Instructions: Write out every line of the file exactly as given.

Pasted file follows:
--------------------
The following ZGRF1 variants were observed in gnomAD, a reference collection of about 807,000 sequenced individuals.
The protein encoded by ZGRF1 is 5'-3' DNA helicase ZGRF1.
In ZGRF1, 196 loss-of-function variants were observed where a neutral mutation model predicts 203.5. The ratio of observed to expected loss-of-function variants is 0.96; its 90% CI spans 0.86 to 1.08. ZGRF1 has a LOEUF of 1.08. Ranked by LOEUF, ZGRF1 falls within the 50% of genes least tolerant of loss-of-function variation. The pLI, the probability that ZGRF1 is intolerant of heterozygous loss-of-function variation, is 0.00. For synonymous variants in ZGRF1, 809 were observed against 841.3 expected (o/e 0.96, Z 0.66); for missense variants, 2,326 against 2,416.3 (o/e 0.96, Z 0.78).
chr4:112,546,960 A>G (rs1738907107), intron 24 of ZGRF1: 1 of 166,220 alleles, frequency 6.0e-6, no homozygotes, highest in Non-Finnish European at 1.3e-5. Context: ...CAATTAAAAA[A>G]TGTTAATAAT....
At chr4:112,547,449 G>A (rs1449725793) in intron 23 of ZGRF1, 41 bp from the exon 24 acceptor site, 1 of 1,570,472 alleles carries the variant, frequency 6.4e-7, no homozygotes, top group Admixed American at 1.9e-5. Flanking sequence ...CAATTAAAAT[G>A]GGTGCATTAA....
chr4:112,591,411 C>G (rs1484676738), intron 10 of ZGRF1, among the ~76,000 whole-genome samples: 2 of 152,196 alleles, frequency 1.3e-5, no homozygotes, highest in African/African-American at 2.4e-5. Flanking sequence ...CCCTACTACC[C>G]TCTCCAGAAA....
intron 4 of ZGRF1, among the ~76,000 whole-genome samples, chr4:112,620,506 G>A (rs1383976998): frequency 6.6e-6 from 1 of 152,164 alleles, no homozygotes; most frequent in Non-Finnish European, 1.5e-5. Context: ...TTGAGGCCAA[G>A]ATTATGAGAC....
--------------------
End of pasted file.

The following ZGRF1 variants were observed in gnomAD, a reference collection of about 807,000 sequenced individuals.
The protein encoded by ZGRF1 is 5'-3' DNA helicase ZGRF1.
In ZGRF1, 196 loss-of-function variants were observed where a neutral mutation model predicts 203.5. The ratio of observed to expected loss-of-function variants is 0.96; its 90% CI spans 0.86 to 1.08. ZGRF1 has a LOEUF of 1.08. Ranked by LOEUF, ZGRF1 falls within the 50% of genes least tolerant of loss-of-function variation. The pLI, the probability that ZGRF1 is intolerant of heterozygous loss-of-function variation, is 0.00. For synonymous variants in ZGRF1, 809 were observed against 841.3 expected (o/e 0.96, Z 0.66); for missense variants, 2,326 against 2,416.3 (o/e 0.96, Z 0.78).
chr4:112,546,960 A>G (rs1738907107), intron 24 of ZGRF1: 1 of 166,220 alleles, frequency 6.0e-6, no homozygotes, highest in Non-Finnish European at 1.3e-5. Context: ...CAATTAAAAA[A>G]TGTTAATAAT....
At chr4:112,547,449 G>A (rs1449725793) in intron 23 of ZGRF1, 41 bp from the exon 24 acceptor site, 1 of 1,570,472 alleles carries the variant, frequency 6.4e-7, no homozygotes, top group Admixed American at 1.9e-5. Flanking sequence ...CAATTAAAAT[G>A]GGTGCATTAA....
chr4:112,591,411 C>G (rs1484676738), intron 10 of ZGRF1, among the ~76,000 whole-genome samples: 2 of 152,196 alleles, frequency 1.3e-5, no homozygotes, highest in African/African-American at 2.4e-5. Flanking sequence ...CCCTACTACC[C>G]TCTCCAGAAA....
intron 4 of ZGRF1, among the ~76,000 whole-genome samples, chr4:112,620,506 G>A (rs1383976998): frequency 6.6e-6 from 1 of 152,164 alleles, no homozygotes; most frequent in Non-Finnish European, 1.5e-5. Context: ...TTGAGGCCAA[G>A]ATTATGAGAC....